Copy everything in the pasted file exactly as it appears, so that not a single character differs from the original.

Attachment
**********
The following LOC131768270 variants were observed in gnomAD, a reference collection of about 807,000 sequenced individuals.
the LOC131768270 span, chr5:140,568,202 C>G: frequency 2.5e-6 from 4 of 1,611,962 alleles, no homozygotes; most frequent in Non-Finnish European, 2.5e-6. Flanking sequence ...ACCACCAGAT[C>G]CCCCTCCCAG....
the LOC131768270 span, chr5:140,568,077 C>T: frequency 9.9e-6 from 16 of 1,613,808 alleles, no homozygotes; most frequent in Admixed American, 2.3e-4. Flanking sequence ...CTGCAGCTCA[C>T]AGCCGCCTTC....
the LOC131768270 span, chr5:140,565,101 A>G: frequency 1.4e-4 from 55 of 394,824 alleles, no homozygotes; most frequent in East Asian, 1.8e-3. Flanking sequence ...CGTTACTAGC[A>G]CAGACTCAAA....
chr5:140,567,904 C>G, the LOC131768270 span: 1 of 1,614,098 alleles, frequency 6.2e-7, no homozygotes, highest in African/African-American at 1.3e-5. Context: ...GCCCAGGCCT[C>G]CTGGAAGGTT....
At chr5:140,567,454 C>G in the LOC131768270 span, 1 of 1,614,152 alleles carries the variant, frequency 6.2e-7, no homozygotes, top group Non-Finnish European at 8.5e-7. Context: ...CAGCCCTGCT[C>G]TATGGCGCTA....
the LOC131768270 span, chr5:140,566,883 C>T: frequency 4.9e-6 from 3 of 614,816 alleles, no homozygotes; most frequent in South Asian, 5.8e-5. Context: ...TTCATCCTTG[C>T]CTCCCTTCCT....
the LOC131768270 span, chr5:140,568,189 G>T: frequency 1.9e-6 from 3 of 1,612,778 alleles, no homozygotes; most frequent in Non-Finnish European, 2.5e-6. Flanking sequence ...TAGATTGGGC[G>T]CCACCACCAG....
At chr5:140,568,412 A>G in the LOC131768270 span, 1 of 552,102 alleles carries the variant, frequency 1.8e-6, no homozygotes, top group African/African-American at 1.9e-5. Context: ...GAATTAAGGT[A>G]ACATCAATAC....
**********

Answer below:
The following LOC131768270 variants were observed in gnomAD, a reference collection of about 807,000 sequenced individuals.
the LOC131768270 span, chr5:140,568,202 C>G: frequency 2.5e-6 from 4 of 1,611,962 alleles, no homozygotes; most frequent in Non-Finnish European, 2.5e-6. Flanking sequence ...ACCACCAGAT[C>G]CCCCTCCCAG....
the LOC131768270 span, chr5:140,568,077 C>T: frequency 9.9e-6 from 16 of 1,613,808 alleles, no homozygotes; most frequent in Admixed American, 2.3e-4. Flanking sequence ...CTGCAGCTCA[C>T]AGCCGCCTTC....
the LOC131768270 span, chr5:140,565,101 A>G: frequency 1.4e-4 from 55 of 394,824 alleles, no homozygotes; most frequent in East Asian, 1.8e-3. Flanking sequence ...CGTTACTAGC[A>G]CAGACTCAAA....
chr5:140,567,904 C>G, the LOC131768270 span: 1 of 1,614,098 alleles, frequency 6.2e-7, no homozygotes, highest in African/African-American at 1.3e-5. Context: ...GCCCAGGCCT[C>G]CTGGAAGGTT....
At chr5:140,567,454 C>G in the LOC131768270 span, 1 of 1,614,152 alleles carries the variant, frequency 6.2e-7, no homozygotes, top group Non-Finnish European at 8.5e-7. Context: ...CAGCCCTGCT[C>G]TATGGCGCTA....
the LOC131768270 span, chr5:140,566,883 C>T: frequency 4.9e-6 from 3 of 614,816 alleles, no homozygotes; most frequent in South Asian, 5.8e-5. Context: ...TTCATCCTTG[C>T]CTCCCTTCCT....
the LOC131768270 span, chr5:140,568,189 G>T: frequency 1.9e-6 from 3 of 1,612,778 alleles, no homozygotes; most frequent in Non-Finnish European, 2.5e-6. Flanking sequence ...TAGATTGGGC[G>T]CCACCACCAG....
At chr5:140,568,412 A>G in the LOC131768270 span, 1 of 552,102 alleles carries the variant, frequency 1.8e-6, no homozygotes, top group African/African-American at 1.9e-5. Context: ...GAATTAAGGT[A>G]ACATCAATAC....